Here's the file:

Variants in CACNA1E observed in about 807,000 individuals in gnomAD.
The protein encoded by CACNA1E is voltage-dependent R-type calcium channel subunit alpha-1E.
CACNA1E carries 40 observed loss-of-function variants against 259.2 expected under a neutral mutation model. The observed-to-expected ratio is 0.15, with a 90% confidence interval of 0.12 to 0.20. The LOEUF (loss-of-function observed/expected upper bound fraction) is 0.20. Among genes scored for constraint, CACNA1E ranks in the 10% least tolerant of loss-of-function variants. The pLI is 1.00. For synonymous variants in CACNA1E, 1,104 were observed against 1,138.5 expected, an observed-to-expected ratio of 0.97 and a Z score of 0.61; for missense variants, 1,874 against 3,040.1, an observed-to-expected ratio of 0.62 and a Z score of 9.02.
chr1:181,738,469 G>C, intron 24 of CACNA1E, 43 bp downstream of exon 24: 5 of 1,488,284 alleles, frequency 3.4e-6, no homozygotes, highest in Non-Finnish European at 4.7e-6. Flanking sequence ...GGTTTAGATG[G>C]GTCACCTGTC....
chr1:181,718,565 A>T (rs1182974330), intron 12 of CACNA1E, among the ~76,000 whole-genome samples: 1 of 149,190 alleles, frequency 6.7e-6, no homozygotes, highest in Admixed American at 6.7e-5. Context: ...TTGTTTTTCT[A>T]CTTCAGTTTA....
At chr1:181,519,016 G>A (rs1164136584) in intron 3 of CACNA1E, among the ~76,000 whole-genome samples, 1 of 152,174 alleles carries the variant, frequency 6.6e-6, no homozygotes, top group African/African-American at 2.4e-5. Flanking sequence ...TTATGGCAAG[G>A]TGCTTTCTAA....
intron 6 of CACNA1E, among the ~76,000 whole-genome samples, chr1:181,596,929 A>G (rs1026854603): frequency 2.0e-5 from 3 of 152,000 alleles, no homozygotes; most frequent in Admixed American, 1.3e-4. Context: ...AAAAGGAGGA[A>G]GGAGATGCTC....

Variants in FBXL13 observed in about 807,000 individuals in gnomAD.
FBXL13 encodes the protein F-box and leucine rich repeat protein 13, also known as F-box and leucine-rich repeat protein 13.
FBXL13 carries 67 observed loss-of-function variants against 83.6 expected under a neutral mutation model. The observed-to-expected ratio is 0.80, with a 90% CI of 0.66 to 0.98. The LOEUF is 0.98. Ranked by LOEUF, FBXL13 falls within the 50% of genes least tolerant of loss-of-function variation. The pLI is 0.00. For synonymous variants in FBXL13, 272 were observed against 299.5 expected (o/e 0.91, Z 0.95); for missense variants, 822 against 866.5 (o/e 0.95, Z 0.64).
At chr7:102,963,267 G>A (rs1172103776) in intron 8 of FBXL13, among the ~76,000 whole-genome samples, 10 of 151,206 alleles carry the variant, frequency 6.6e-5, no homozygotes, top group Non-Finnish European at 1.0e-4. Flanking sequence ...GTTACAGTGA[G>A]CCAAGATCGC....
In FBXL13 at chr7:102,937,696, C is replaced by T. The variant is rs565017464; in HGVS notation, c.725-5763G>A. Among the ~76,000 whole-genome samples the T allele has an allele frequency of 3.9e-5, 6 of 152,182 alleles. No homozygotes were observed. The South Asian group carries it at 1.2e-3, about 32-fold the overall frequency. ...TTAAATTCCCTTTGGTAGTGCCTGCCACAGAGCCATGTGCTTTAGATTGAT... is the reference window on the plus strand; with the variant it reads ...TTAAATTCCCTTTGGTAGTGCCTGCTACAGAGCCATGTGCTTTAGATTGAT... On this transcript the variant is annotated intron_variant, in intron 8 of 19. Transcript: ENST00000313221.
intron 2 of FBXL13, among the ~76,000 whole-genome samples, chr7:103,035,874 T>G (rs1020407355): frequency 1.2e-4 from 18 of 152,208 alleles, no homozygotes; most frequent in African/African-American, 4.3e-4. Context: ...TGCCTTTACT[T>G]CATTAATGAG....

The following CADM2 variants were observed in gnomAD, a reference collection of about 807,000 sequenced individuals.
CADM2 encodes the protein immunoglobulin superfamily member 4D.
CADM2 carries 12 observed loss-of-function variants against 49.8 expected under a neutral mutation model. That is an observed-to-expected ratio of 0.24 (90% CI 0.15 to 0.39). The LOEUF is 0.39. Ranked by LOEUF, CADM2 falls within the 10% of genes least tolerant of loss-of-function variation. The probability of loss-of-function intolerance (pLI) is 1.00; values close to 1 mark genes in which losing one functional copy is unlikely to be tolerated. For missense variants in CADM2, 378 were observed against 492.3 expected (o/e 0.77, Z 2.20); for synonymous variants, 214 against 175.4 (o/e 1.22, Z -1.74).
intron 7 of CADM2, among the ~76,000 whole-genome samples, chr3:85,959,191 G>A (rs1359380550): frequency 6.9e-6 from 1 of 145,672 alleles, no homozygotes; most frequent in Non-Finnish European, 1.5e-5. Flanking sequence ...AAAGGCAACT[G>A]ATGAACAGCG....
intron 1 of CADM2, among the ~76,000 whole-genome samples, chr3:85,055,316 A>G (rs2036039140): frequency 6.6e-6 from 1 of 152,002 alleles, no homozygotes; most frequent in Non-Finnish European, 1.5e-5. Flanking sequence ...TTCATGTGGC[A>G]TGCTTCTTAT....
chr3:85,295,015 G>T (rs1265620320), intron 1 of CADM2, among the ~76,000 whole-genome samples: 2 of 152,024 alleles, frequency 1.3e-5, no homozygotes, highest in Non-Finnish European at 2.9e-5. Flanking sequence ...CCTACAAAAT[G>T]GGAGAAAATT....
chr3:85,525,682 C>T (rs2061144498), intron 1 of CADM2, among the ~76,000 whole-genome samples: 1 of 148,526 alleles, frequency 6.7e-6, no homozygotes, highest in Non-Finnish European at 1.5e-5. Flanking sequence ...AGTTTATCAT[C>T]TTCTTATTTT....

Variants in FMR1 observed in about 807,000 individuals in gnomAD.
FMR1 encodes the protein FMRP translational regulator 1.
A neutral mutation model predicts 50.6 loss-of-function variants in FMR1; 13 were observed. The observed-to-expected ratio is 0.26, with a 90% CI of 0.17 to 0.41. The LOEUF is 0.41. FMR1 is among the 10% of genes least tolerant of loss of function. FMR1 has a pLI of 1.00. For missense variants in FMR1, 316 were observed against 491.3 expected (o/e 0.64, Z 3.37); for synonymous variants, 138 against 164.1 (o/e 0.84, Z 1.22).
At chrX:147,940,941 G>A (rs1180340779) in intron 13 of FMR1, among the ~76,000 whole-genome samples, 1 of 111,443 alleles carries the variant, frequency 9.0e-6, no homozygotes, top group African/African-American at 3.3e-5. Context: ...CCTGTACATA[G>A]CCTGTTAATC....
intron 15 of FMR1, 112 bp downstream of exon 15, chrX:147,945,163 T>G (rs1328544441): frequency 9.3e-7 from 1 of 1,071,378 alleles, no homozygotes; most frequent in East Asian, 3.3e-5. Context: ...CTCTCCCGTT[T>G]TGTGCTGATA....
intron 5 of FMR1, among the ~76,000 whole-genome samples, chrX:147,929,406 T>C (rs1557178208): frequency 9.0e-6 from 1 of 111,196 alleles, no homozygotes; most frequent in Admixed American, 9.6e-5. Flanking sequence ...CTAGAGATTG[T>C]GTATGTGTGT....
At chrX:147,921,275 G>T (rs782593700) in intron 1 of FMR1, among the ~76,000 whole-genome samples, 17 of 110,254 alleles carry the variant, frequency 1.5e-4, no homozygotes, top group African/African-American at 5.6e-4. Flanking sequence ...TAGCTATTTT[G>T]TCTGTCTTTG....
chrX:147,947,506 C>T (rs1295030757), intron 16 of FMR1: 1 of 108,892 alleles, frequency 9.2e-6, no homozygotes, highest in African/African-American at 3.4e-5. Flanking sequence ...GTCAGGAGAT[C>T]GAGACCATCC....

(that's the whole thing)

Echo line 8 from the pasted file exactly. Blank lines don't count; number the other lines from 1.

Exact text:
Variants in FBXL13 observed in about 807,000 individuals in gnomAD.